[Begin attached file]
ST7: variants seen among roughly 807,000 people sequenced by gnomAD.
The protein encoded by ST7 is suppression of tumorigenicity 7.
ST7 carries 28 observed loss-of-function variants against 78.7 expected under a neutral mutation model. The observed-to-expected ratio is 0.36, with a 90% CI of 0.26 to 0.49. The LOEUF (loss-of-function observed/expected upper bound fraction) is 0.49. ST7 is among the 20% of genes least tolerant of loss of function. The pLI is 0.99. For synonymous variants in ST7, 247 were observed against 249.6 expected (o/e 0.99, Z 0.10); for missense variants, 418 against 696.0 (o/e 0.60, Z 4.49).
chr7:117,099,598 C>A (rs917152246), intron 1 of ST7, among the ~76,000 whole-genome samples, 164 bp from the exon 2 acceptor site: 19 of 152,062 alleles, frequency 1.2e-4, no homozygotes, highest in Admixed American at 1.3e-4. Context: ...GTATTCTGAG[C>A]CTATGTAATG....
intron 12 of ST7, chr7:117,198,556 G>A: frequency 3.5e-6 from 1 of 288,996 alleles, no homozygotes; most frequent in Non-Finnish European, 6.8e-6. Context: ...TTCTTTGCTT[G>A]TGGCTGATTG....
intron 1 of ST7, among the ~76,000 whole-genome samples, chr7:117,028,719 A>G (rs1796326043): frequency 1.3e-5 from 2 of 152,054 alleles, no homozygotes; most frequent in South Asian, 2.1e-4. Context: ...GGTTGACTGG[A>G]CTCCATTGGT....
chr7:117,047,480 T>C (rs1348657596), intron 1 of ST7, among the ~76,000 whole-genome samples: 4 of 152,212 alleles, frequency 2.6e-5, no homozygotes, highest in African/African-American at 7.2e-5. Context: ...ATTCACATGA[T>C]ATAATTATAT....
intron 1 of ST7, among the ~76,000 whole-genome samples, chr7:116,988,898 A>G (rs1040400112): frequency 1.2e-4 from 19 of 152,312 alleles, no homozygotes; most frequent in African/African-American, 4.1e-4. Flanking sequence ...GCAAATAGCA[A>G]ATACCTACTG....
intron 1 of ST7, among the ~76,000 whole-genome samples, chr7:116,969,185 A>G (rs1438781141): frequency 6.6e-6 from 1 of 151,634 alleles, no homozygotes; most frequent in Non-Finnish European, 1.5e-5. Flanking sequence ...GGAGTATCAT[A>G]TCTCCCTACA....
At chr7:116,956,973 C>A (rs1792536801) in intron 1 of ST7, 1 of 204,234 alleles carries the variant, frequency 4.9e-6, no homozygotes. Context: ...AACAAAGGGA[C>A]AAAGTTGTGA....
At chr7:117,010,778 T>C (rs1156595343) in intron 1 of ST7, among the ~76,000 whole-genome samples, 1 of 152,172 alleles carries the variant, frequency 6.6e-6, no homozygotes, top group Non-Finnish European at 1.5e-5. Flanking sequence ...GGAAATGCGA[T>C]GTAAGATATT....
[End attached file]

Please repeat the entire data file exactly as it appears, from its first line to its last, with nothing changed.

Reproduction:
ST7: variants seen among roughly 807,000 people sequenced by gnomAD.
The protein encoded by ST7 is suppression of tumorigenicity 7.
ST7 carries 28 observed loss-of-function variants against 78.7 expected under a neutral mutation model. The observed-to-expected ratio is 0.36, with a 90% CI of 0.26 to 0.49. The LOEUF (loss-of-function observed/expected upper bound fraction) is 0.49. ST7 is among the 20% of genes least tolerant of loss of function. The pLI is 0.99. For synonymous variants in ST7, 247 were observed against 249.6 expected (o/e 0.99, Z 0.10); for missense variants, 418 against 696.0 (o/e 0.60, Z 4.49).
chr7:117,099,598 C>A (rs917152246), intron 1 of ST7, among the ~76,000 whole-genome samples, 164 bp from the exon 2 acceptor site: 19 of 152,062 alleles, frequency 1.2e-4, no homozygotes, highest in Admixed American at 1.3e-4. Context: ...GTATTCTGAG[C>A]CTATGTAATG....
intron 12 of ST7, chr7:117,198,556 G>A: frequency 3.5e-6 from 1 of 288,996 alleles, no homozygotes; most frequent in Non-Finnish European, 6.8e-6. Context: ...TTCTTTGCTT[G>A]TGGCTGATTG....
intron 1 of ST7, among the ~76,000 whole-genome samples, chr7:117,028,719 A>G (rs1796326043): frequency 1.3e-5 from 2 of 152,054 alleles, no homozygotes; most frequent in South Asian, 2.1e-4. Context: ...GGTTGACTGG[A>G]CTCCATTGGT....
chr7:117,047,480 T>C (rs1348657596), intron 1 of ST7, among the ~76,000 whole-genome samples: 4 of 152,212 alleles, frequency 2.6e-5, no homozygotes, highest in African/African-American at 7.2e-5. Context: ...ATTCACATGA[T>C]ATAATTATAT....
intron 1 of ST7, among the ~76,000 whole-genome samples, chr7:116,988,898 A>G (rs1040400112): frequency 1.2e-4 from 19 of 152,312 alleles, no homozygotes; most frequent in African/African-American, 4.1e-4. Flanking sequence ...GCAAATAGCA[A>G]ATACCTACTG....
intron 1 of ST7, among the ~76,000 whole-genome samples, chr7:116,969,185 A>G (rs1438781141): frequency 6.6e-6 from 1 of 151,634 alleles, no homozygotes; most frequent in Non-Finnish European, 1.5e-5. Flanking sequence ...GGAGTATCAT[A>G]TCTCCCTACA....
At chr7:116,956,973 C>A (rs1792536801) in intron 1 of ST7, 1 of 204,234 alleles carries the variant, frequency 4.9e-6, no homozygotes. Context: ...AACAAAGGGA[C>A]AAAGTTGTGA....
At chr7:117,010,778 T>C (rs1156595343) in intron 1 of ST7, among the ~76,000 whole-genome samples, 1 of 152,172 alleles carries the variant, frequency 6.6e-6, no homozygotes, top group Non-Finnish European at 1.5e-5. Flanking sequence ...GGAAATGCGA[T>C]GTAAGATATT....